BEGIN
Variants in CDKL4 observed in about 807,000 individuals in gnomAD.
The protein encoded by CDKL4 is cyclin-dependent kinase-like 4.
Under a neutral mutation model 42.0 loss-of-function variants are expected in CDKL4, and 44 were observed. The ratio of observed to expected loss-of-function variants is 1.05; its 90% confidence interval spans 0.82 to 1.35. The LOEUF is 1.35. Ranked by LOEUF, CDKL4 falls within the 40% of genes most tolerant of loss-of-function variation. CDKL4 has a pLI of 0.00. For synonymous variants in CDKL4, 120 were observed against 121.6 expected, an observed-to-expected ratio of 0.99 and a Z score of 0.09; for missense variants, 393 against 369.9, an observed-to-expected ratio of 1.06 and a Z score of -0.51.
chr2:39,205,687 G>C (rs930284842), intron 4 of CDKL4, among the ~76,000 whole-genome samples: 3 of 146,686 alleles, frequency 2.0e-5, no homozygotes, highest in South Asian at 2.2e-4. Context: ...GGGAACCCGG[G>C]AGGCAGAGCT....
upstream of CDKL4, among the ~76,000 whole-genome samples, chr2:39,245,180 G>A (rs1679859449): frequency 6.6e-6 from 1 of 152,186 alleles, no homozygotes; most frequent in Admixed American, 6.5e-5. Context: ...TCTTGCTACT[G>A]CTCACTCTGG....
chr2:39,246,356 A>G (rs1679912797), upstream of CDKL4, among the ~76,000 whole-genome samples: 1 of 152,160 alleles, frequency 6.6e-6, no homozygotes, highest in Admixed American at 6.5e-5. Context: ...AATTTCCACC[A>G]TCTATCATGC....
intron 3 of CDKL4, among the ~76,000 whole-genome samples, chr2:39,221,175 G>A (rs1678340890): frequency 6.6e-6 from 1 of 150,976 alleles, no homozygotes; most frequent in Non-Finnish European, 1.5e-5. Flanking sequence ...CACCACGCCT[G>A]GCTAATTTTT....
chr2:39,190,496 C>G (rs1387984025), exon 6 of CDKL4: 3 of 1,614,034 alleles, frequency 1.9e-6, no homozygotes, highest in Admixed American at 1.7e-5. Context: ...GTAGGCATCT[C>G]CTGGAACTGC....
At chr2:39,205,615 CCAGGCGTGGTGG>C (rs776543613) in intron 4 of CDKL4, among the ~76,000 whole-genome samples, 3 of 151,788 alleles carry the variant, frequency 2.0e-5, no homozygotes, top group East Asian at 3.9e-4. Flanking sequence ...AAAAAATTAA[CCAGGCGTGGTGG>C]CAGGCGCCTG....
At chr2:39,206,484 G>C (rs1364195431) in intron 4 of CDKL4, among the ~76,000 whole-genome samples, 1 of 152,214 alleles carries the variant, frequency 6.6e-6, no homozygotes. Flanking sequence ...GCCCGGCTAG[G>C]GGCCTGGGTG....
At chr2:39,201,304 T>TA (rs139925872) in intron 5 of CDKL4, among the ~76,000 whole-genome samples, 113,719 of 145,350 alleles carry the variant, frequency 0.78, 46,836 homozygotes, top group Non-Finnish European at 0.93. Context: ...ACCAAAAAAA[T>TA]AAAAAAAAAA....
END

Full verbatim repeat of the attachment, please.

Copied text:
Variants in CDKL4 observed in about 807,000 individuals in gnomAD.
The protein encoded by CDKL4 is cyclin-dependent kinase-like 4.
Under a neutral mutation model 42.0 loss-of-function variants are expected in CDKL4, and 44 were observed. The ratio of observed to expected loss-of-function variants is 1.05; its 90% confidence interval spans 0.82 to 1.35. The LOEUF is 1.35. Ranked by LOEUF, CDKL4 falls within the 40% of genes most tolerant of loss-of-function variation. CDKL4 has a pLI of 0.00. For synonymous variants in CDKL4, 120 were observed against 121.6 expected, an observed-to-expected ratio of 0.99 and a Z score of 0.09; for missense variants, 393 against 369.9, an observed-to-expected ratio of 1.06 and a Z score of -0.51.
chr2:39,205,687 G>C (rs930284842), intron 4 of CDKL4, among the ~76,000 whole-genome samples: 3 of 146,686 alleles, frequency 2.0e-5, no homozygotes, highest in South Asian at 2.2e-4. Context: ...GGGAACCCGG[G>C]AGGCAGAGCT....
upstream of CDKL4, among the ~76,000 whole-genome samples, chr2:39,245,180 G>A (rs1679859449): frequency 6.6e-6 from 1 of 152,186 alleles, no homozygotes; most frequent in Admixed American, 6.5e-5. Context: ...TCTTGCTACT[G>A]CTCACTCTGG....
chr2:39,246,356 A>G (rs1679912797), upstream of CDKL4, among the ~76,000 whole-genome samples: 1 of 152,160 alleles, frequency 6.6e-6, no homozygotes, highest in Admixed American at 6.5e-5. Context: ...AATTTCCACC[A>G]TCTATCATGC....
intron 3 of CDKL4, among the ~76,000 whole-genome samples, chr2:39,221,175 G>A (rs1678340890): frequency 6.6e-6 from 1 of 150,976 alleles, no homozygotes; most frequent in Non-Finnish European, 1.5e-5. Flanking sequence ...CACCACGCCT[G>A]GCTAATTTTT....
chr2:39,190,496 C>G (rs1387984025), exon 6 of CDKL4: 3 of 1,614,034 alleles, frequency 1.9e-6, no homozygotes, highest in Admixed American at 1.7e-5. Context: ...GTAGGCATCT[C>G]CTGGAACTGC....
At chr2:39,205,615 CCAGGCGTGGTGG>C (rs776543613) in intron 4 of CDKL4, among the ~76,000 whole-genome samples, 3 of 151,788 alleles carry the variant, frequency 2.0e-5, no homozygotes, top group East Asian at 3.9e-4. Flanking sequence ...AAAAAATTAA[CCAGGCGTGGTGG>C]CAGGCGCCTG....
At chr2:39,206,484 G>C (rs1364195431) in intron 4 of CDKL4, among the ~76,000 whole-genome samples, 1 of 152,214 alleles carries the variant, frequency 6.6e-6, no homozygotes. Flanking sequence ...GCCCGGCTAG[G>C]GGCCTGGGTG....
At chr2:39,201,304 T>TA (rs139925872) in intron 5 of CDKL4, among the ~76,000 whole-genome samples, 113,719 of 145,350 alleles carry the variant, frequency 0.78, 46,836 homozygotes, top group Non-Finnish European at 0.93. Context: ...ACCAAAAAAA[T>TA]AAAAAAAAAA....